Diagnosing your patient. How do I know that I need to give THIS for THAT?
Over the years we have talked THOUSANDS of times on how to use say Oregon Grape Root for XXX infection or to use Kefzol for YYY infection. But we never told anyone the HOW of the matter.
HOW do you tell if it is strep or staph or MRSA or Pseudomonas or some sort of fungal infection?
How do you tell if a person is Anemic has a non specific infection . If they have a flu or malaria?
Enter the Ditch Medic that knows Ditch Micro.
But first this: Use of the information on this site is AT YOUR OWN RISK, intended solely for self-help, in times of emergency, when medical help is not available, and does not create a doctor-patient relationship.
The information on this site is meant to be used only during times when improvisational, last-ditch efforts are all that is possible. When writing posts, the author often assumes that if anyone uses the advice, the person will have no access to regular medical equipment or supplies. The author always assumes that the person will not have access to professional medical care. DO NOT USE THIS INFORMATION WHEN YOU CAN GET MORE TRADITIONAL OR PROFESSIONAL CARE I am NOT a doctor. I CAN NOT advise, diagnose or treat injuries or illnesses that are out side of my scope of practice.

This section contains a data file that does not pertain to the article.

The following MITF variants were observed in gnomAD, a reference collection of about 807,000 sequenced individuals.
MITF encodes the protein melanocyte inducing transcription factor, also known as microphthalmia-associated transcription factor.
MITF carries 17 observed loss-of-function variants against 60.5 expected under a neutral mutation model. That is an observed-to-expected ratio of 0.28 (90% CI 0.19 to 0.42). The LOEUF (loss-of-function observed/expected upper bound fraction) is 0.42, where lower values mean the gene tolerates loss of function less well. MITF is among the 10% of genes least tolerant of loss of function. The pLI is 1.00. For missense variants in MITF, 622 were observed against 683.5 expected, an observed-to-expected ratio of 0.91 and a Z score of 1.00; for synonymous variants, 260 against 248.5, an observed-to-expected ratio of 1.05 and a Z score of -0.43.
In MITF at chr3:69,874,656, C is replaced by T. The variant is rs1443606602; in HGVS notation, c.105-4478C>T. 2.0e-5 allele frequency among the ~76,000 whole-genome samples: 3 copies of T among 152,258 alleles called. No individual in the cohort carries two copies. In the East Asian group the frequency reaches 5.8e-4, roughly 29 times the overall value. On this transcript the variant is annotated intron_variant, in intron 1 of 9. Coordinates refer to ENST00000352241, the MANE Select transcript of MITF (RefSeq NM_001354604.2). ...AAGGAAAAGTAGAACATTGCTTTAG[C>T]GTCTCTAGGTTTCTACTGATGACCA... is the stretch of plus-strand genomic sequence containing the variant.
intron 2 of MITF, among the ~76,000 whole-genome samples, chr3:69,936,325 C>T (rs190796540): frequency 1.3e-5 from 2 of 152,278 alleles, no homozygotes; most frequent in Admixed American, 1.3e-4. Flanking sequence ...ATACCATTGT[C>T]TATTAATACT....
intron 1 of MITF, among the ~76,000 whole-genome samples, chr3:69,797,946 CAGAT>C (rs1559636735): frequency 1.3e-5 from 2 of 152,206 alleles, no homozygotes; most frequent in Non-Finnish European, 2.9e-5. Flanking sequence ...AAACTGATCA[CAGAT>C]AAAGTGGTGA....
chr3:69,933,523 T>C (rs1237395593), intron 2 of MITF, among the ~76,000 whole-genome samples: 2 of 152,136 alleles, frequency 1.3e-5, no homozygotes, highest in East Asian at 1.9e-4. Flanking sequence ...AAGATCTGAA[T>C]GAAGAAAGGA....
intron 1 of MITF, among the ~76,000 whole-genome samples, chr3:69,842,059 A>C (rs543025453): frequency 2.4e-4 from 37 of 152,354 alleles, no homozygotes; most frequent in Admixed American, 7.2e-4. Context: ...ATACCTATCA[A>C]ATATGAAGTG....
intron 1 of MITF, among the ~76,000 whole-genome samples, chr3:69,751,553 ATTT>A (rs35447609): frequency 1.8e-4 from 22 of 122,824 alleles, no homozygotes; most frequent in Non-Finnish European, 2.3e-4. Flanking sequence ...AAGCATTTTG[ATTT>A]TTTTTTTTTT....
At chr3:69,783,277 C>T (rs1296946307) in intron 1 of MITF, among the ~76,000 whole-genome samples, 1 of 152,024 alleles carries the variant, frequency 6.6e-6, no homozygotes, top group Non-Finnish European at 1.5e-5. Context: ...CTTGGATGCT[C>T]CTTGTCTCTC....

For the SHTF medic, one piece of medical equipment is worth its weight in gold. A medic with just bare bones training AND color PRINTED and protected pictures can deduce and treat a HUGE amount of sickness with out guess work
The humble microscope. A GOOD student quality microscope, (Read inexpensive and tough) can be had for under 50 bucks.
The microscope with a bit of training some inexpensive dyes and slides, can be a lifesaver in an extended SHTF situation that is long term with out normal medical care.
What can yo do with a microscope?
Be able to look and see what type of bacteria you are dealing with. With a simple and inexpensive stain set, known as Grams Stain. With this you can tell what type of bacteria, and what antibiotic or herbal antibiotic will work. Guess work is eliminated. In this image you have Staphylococcus aureus the purple and the pink rods is Ecoli.
You can look at a smear of blood and with training and guides you can tell if your patient is anemic, or has a blood infection (Septicemia) orhas a has a disease, such as Malaria, dozens others are in the realm of a medic to be able to treat in a SHTF situation.
But what if your precious microscope is damaged lost stolen or traded? You have no light to use a reflective one or no more batteries? How do you tell if a patient is infected AND what type?
Prior to our understanding and the ability to see bacteria we depended on our senses to diagnose
A old doctor I knew as a kid, who is long gone had a saying. The best surgical instrument ever made is the index finger. The best diagnostic tools are the eyes ears and nose. Look at your patient, LISTEN to your patient and SMELL your patient.
Join us this week as we discuss diagnosing SHTF. The tools and senses needed to keep people alive and healthy